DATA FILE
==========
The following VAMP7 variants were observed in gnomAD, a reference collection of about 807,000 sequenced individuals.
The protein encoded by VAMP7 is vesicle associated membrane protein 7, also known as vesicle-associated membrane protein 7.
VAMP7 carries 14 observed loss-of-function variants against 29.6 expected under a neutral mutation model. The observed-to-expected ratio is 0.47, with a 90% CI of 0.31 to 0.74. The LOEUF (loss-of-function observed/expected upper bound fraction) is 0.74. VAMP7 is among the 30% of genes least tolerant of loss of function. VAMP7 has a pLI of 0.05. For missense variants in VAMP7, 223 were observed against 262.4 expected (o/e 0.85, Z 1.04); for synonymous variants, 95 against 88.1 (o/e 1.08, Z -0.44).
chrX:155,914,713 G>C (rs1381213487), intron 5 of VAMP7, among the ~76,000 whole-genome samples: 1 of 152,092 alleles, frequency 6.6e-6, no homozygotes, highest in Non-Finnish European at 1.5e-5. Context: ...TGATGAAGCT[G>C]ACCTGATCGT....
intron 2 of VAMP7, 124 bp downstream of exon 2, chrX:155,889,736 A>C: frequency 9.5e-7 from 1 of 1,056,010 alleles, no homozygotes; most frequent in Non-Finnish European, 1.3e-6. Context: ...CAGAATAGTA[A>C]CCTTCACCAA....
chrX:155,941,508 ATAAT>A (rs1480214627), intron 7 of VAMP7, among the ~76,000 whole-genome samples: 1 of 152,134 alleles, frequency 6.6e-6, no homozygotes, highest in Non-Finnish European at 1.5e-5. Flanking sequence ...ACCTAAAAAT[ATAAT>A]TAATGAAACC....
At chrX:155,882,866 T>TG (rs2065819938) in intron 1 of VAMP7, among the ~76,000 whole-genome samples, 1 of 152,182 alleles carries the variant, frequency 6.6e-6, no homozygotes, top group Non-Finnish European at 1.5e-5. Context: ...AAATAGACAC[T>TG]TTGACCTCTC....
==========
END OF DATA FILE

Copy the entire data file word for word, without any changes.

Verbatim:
The following VAMP7 variants were observed in gnomAD, a reference collection of about 807,000 sequenced individuals.
The protein encoded by VAMP7 is vesicle associated membrane protein 7, also known as vesicle-associated membrane protein 7.
VAMP7 carries 14 observed loss-of-function variants against 29.6 expected under a neutral mutation model. The observed-to-expected ratio is 0.47, with a 90% CI of 0.31 to 0.74. The LOEUF (loss-of-function observed/expected upper bound fraction) is 0.74. VAMP7 is among the 30% of genes least tolerant of loss of function. VAMP7 has a pLI of 0.05. For missense variants in VAMP7, 223 were observed against 262.4 expected (o/e 0.85, Z 1.04); for synonymous variants, 95 against 88.1 (o/e 1.08, Z -0.44).
chrX:155,914,713 G>C (rs1381213487), intron 5 of VAMP7, among the ~76,000 whole-genome samples: 1 of 152,092 alleles, frequency 6.6e-6, no homozygotes, highest in Non-Finnish European at 1.5e-5. Context: ...TGATGAAGCT[G>C]ACCTGATCGT....
intron 2 of VAMP7, 124 bp downstream of exon 2, chrX:155,889,736 A>C: frequency 9.5e-7 from 1 of 1,056,010 alleles, no homozygotes; most frequent in Non-Finnish European, 1.3e-6. Context: ...CAGAATAGTA[A>C]CCTTCACCAA....
chrX:155,941,508 ATAAT>A (rs1480214627), intron 7 of VAMP7, among the ~76,000 whole-genome samples: 1 of 152,134 alleles, frequency 6.6e-6, no homozygotes, highest in Non-Finnish European at 1.5e-5. Flanking sequence ...ACCTAAAAAT[ATAAT>A]TAATGAAACC....
At chrX:155,882,866 T>TG (rs2065819938) in intron 1 of VAMP7, among the ~76,000 whole-genome samples, 1 of 152,182 alleles carries the variant, frequency 6.6e-6, no homozygotes, top group Non-Finnish European at 1.5e-5. Context: ...AAATAGACAC[T>TG]TTGACCTCTC....